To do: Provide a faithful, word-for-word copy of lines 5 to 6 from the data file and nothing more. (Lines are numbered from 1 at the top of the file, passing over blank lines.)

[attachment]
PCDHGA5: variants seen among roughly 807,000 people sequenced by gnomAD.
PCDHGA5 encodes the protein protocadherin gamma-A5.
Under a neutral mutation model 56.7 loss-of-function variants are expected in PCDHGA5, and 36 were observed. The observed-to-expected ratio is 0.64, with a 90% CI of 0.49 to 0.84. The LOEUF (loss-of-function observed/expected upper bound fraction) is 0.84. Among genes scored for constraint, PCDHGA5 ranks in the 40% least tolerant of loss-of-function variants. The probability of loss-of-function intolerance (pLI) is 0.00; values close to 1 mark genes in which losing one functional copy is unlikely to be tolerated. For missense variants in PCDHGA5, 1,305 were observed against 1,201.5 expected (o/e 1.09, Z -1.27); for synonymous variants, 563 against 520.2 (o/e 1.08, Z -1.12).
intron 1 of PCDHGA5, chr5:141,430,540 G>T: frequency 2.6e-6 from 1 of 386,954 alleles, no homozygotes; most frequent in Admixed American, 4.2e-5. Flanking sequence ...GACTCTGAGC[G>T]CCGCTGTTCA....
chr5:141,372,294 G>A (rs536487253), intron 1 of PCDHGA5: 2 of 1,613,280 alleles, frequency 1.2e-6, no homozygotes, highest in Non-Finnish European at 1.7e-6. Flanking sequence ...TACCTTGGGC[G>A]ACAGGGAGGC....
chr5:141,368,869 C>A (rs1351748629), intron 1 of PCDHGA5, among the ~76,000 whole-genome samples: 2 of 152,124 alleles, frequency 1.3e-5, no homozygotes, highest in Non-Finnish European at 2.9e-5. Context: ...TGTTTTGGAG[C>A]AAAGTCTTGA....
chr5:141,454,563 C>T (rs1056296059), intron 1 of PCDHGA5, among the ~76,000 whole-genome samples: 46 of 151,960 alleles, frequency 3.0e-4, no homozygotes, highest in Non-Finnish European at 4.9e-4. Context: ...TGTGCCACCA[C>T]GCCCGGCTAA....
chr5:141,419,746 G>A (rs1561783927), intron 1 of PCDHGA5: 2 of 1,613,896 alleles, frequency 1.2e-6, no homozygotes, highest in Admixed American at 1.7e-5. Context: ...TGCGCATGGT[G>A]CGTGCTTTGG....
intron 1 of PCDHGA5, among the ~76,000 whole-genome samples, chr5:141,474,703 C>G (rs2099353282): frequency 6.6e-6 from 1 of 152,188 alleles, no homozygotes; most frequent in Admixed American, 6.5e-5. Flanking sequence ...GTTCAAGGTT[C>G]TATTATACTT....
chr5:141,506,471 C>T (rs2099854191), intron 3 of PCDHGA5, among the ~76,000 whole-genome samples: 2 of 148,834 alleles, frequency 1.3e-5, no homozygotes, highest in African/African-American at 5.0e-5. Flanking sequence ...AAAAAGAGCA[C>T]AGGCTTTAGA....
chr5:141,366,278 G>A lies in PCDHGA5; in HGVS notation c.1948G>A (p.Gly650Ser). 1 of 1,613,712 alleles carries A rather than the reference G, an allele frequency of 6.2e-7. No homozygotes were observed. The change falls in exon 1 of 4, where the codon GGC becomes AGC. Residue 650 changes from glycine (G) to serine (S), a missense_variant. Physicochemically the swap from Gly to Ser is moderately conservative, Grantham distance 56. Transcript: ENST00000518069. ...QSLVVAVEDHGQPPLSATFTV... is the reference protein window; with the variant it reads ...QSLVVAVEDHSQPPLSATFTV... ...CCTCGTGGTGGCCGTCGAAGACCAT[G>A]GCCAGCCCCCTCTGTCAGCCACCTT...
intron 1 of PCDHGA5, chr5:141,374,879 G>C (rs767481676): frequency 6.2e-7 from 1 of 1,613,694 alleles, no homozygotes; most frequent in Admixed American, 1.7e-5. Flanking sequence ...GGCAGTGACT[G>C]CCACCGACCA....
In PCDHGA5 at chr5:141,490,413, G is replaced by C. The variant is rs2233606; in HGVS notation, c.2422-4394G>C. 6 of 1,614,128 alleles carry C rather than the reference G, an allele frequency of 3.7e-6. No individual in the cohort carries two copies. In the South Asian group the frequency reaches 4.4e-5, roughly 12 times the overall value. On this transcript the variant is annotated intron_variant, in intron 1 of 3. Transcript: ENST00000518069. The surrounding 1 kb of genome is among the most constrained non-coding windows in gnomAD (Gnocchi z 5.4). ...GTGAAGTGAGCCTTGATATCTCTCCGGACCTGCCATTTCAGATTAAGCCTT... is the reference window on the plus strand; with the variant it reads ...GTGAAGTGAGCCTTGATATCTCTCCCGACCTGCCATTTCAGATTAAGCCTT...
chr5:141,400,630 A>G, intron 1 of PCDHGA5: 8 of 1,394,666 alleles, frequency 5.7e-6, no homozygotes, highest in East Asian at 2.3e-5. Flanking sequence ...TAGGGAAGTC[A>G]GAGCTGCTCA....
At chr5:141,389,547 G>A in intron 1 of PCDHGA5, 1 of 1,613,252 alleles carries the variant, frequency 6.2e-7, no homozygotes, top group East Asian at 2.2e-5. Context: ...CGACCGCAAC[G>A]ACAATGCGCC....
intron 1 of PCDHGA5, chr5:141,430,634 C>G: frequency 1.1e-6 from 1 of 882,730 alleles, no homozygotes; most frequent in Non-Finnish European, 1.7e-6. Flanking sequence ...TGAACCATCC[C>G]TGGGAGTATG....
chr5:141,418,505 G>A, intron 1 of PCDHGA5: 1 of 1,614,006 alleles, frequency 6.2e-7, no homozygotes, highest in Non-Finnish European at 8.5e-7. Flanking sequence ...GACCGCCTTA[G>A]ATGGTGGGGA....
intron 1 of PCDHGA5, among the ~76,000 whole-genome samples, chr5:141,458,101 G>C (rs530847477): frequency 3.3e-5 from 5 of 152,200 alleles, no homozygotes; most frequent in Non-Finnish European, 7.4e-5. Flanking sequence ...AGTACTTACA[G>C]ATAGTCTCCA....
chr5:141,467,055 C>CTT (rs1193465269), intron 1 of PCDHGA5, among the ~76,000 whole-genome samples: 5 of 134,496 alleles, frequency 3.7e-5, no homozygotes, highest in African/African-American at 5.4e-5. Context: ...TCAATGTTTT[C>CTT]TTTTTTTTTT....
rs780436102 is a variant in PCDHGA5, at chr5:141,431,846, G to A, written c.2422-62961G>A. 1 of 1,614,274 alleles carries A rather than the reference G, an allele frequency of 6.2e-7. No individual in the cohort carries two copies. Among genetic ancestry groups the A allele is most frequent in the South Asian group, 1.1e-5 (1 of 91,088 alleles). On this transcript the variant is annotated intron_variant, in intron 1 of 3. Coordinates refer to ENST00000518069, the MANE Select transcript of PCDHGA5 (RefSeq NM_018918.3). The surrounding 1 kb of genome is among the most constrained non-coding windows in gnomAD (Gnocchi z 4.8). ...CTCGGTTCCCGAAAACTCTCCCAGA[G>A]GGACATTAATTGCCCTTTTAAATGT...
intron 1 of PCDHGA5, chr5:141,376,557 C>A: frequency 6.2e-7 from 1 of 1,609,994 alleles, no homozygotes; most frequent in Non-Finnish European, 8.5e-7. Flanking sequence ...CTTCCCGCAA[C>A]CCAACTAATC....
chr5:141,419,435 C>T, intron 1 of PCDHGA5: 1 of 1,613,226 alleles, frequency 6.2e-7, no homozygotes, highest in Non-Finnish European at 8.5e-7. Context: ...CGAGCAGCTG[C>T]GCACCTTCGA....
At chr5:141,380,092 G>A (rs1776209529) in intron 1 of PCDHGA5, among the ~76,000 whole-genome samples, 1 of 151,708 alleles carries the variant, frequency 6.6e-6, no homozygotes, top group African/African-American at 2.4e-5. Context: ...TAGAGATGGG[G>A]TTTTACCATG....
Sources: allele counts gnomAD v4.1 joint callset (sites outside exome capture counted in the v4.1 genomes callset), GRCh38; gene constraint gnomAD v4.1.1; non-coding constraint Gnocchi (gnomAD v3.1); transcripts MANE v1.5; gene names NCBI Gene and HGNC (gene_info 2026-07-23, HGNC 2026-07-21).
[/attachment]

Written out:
chr5:141,372,294 G>A (rs536487253), intron 1 of PCDHGA5: 2 of 1,613,280 alleles, frequency 1.2e-6, no homozygotes, highest in Non-Finnish European at 1.7e-6. Flanking sequence ...TACCTTGGGC[G>A]ACAGGGAGGC....
chr5:141,368,869 C>A (rs1351748629), intron 1 of PCDHGA5, among the ~76,000 whole-genome samples: 2 of 152,124 alleles, frequency 1.3e-5, no homozygotes, highest in Non-Finnish European at 2.9e-5. Context: ...TGTTTTGGAG[C>A]AAAGTCTTGA....